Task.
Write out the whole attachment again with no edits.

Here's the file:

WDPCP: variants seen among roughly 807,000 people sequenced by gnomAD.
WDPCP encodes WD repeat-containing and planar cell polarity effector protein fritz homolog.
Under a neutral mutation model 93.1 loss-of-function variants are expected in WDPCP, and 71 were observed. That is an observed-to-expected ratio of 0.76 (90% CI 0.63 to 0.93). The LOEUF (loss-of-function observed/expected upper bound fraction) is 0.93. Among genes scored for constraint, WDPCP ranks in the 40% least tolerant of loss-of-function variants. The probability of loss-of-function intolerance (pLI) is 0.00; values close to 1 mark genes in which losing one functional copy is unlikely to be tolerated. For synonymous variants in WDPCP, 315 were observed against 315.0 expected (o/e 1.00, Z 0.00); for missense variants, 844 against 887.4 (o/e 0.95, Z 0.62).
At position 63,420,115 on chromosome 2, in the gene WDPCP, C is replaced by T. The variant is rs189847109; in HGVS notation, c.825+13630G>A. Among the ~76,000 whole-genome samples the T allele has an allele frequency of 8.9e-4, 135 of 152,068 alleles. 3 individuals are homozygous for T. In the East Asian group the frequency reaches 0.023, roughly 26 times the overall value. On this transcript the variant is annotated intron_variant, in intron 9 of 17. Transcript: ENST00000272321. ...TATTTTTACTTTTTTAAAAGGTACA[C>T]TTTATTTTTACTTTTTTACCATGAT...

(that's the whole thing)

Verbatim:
WDPCP: variants seen among roughly 807,000 people sequenced by gnomAD.
WDPCP encodes WD repeat-containing and planar cell polarity effector protein fritz homolog.
Under a neutral mutation model 93.1 loss-of-function variants are expected in WDPCP, and 71 were observed. That is an observed-to-expected ratio of 0.76 (90% CI 0.63 to 0.93). The LOEUF (loss-of-function observed/expected upper bound fraction) is 0.93. Among genes scored for constraint, WDPCP ranks in the 40% least tolerant of loss-of-function variants. The probability of loss-of-function intolerance (pLI) is 0.00; values close to 1 mark genes in which losing one functional copy is unlikely to be tolerated. For synonymous variants in WDPCP, 315 were observed against 315.0 expected (o/e 1.00, Z 0.00); for missense variants, 844 against 887.4 (o/e 0.95, Z 0.62).
At position 63,420,115 on chromosome 2, in the gene WDPCP, C is replaced by T. The variant is rs189847109; in HGVS notation, c.825+13630G>A. Among the ~76,000 whole-genome samples the T allele has an allele frequency of 8.9e-4, 135 of 152,068 alleles. 3 individuals are homozygous for T. In the East Asian group the frequency reaches 0.023, roughly 26 times the overall value. On this transcript the variant is annotated intron_variant, in intron 9 of 17. Transcript: ENST00000272321. ...TATTTTTACTTTTTTAAAAGGTACA[C>T]TTTATTTTTACTTTTTTACCATGAT...